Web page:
The whole programme is one in which the dominion government cooperates with the individual in rehabilitating the area. The individual does much of the work and either contributes to the cost or pays for services received. In many cases, both for the construction of pastures and for irrigation projects, farmers have been required to make their land available to the government and receive in return the value of the land unimproved by the project or other land in exchange.

We have now reached the time when larger irrigation projects are being proposed to P.F.R.A. The government has provided funds with which to proceed with the construction of a dam on the St. Mary river in Alberta. This is an international stream, and the total cost of this dam is being provided by the dominion government.

The objective of the whole programme is to make it possible for settlers who were induced to enter the area to remain and to 30 develop its possibilities of water conservation and use as to greatly increase the number of persons who may live in Canada's largest agricultural area.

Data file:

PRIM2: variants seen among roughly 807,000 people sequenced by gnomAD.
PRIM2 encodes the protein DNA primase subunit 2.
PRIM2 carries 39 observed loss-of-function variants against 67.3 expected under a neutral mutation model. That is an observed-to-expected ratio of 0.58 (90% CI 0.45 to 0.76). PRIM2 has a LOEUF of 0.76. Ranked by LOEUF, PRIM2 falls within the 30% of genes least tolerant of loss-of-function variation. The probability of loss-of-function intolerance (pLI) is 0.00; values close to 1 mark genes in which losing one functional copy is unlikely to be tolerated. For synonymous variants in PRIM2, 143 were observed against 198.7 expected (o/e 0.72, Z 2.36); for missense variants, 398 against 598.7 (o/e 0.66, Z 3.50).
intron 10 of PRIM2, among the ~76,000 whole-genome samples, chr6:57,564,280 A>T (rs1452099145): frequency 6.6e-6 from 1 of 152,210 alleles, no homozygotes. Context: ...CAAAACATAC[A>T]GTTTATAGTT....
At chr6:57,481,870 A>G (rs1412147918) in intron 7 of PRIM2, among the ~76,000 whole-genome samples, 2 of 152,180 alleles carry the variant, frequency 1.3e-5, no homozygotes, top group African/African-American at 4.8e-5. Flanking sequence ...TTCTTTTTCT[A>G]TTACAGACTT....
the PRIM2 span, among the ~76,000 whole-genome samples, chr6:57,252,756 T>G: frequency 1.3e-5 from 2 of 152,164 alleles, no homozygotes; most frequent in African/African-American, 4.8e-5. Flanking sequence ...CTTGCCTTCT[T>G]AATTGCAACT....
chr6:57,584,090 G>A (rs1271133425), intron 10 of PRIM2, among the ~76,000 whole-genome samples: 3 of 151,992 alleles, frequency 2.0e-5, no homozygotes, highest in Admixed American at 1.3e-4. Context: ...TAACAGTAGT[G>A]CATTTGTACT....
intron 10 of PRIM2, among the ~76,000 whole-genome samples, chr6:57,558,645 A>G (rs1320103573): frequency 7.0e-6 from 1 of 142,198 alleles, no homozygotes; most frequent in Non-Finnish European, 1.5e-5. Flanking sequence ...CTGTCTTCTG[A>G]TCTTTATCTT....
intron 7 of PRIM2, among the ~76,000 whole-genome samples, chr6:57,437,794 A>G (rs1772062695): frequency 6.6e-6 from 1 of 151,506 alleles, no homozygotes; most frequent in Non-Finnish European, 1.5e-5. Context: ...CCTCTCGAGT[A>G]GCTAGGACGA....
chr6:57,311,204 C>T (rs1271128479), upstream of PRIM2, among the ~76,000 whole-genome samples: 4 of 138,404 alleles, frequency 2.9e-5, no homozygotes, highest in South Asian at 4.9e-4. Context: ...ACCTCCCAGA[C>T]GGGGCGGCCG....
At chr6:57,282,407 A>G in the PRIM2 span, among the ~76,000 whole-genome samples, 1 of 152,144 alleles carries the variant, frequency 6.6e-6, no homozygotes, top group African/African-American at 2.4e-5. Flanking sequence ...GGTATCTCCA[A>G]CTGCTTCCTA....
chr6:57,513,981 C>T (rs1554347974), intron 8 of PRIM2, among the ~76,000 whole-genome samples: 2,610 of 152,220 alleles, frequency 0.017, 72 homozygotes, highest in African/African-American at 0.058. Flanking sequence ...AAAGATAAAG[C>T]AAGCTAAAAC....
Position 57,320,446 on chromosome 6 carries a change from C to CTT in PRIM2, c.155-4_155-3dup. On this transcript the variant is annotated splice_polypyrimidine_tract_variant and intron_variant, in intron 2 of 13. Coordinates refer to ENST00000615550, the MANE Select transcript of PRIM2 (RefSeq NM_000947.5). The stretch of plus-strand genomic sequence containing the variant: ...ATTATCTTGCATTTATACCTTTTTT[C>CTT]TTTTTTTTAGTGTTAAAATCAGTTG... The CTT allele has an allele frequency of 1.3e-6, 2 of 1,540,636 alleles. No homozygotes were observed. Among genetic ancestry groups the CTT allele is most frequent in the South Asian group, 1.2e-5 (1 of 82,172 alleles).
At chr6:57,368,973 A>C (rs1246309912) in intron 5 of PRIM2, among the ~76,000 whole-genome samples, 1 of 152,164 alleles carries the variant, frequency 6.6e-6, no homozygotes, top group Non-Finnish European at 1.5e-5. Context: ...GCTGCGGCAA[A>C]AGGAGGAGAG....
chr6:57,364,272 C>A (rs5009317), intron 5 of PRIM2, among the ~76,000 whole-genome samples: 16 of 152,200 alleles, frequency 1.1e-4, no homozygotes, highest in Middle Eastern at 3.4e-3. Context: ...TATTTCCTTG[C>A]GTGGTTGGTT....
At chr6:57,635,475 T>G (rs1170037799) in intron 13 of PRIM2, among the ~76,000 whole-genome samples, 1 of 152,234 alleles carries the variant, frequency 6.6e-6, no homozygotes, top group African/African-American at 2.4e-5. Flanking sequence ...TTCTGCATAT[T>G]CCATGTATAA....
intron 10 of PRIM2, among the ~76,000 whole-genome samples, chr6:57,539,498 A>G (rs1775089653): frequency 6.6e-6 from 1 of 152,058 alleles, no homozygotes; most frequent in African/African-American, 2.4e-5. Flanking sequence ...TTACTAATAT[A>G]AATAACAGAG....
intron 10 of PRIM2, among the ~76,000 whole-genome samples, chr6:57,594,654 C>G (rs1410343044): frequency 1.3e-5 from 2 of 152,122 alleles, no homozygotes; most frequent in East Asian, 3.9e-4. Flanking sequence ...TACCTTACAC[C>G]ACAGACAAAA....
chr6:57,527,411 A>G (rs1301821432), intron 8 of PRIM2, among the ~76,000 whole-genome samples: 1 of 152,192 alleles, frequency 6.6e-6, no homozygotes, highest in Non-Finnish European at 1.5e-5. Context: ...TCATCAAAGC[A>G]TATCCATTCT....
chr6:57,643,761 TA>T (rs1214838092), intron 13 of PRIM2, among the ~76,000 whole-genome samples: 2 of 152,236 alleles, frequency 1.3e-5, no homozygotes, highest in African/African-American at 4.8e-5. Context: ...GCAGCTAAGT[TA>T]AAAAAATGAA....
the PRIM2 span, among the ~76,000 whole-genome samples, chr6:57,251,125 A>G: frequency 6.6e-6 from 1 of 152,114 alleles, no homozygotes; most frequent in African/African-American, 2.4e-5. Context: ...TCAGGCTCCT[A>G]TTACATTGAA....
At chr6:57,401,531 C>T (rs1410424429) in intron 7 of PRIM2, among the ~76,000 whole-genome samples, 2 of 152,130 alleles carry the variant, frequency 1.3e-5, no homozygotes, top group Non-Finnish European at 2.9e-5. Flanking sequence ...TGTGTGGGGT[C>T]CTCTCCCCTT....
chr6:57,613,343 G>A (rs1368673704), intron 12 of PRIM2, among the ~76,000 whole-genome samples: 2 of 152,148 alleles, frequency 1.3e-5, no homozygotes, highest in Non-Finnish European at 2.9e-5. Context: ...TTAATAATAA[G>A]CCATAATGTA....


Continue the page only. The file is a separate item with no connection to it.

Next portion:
It has been suggested that because of the benefits already apparent in the area to which P.F.R.A. has been applied, the principles of the act should be extended by legislation to all other parts of Canada,

In view of the constitutional relationship between the dominion and the provinces the government has decided that such legislation should not be recommended. It is held that the same obligation does not exist in other parts of the prairie provinces or in the remainder of Canada as in the drought area of the prairie provinces.

It is considered, however, that there are certain works outside the drought area whicti if undertaken -would be of assistance to all Canada through making possible increased development of farm lands which if left to provincial or municipal responsibility might greatly retard Canada's development. With regard to these the dominion government would be prepared to discuss with the provinces concerned plans under which development could proceed over a period

to be agreed upon, sufficiently long to bring about the desired results, but not to exceed five years.

Among these projects are:

1. The dike or marshlands of Nova Scotia and New Brunswick;

2. Certain projects related to farm lands in British Columbia, and

3. Certain projects related to lands all across Canada which have not previously been utilized as cultivated farms but which, if developed, would provide increased employment and home building possibilities.

Any expenditure of money on these projects will be brought before parliament and legalized through an item on the estimates.

Topic:   PRAIRIE FARM REHABILITATION
Subtopic:   STATEMENT OF PRESENT POLICY
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May 22, 1947